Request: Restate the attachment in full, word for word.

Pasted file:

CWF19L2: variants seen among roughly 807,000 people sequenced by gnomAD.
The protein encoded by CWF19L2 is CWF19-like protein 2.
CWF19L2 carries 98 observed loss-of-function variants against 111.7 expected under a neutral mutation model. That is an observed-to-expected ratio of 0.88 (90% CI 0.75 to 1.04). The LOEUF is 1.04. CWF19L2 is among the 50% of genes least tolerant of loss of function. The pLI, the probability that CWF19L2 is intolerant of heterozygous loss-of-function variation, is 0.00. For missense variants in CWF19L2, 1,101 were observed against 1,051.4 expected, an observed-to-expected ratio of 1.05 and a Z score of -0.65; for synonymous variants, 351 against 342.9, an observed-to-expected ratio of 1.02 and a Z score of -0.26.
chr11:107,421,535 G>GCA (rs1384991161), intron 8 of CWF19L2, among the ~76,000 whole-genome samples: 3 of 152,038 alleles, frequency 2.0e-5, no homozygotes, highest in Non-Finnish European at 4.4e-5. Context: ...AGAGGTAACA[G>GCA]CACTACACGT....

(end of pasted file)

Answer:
CWF19L2: variants seen among roughly 807,000 people sequenced by gnomAD.
The protein encoded by CWF19L2 is CWF19-like protein 2.
CWF19L2 carries 98 observed loss-of-function variants against 111.7 expected under a neutral mutation model. That is an observed-to-expected ratio of 0.88 (90% CI 0.75 to 1.04). The LOEUF is 1.04. CWF19L2 is among the 50% of genes least tolerant of loss of function. The pLI, the probability that CWF19L2 is intolerant of heterozygous loss-of-function variation, is 0.00. For missense variants in CWF19L2, 1,101 were observed against 1,051.4 expected, an observed-to-expected ratio of 1.05 and a Z score of -0.65; for synonymous variants, 351 against 342.9, an observed-to-expected ratio of 1.02 and a Z score of -0.26.
chr11:107,421,535 G>GCA (rs1384991161), intron 8 of CWF19L2, among the ~76,000 whole-genome samples: 3 of 152,038 alleles, frequency 2.0e-5, no homozygotes, highest in Non-Finnish European at 4.4e-5. Context: ...AGAGGTAACA[G>GCA]CACTACACGT....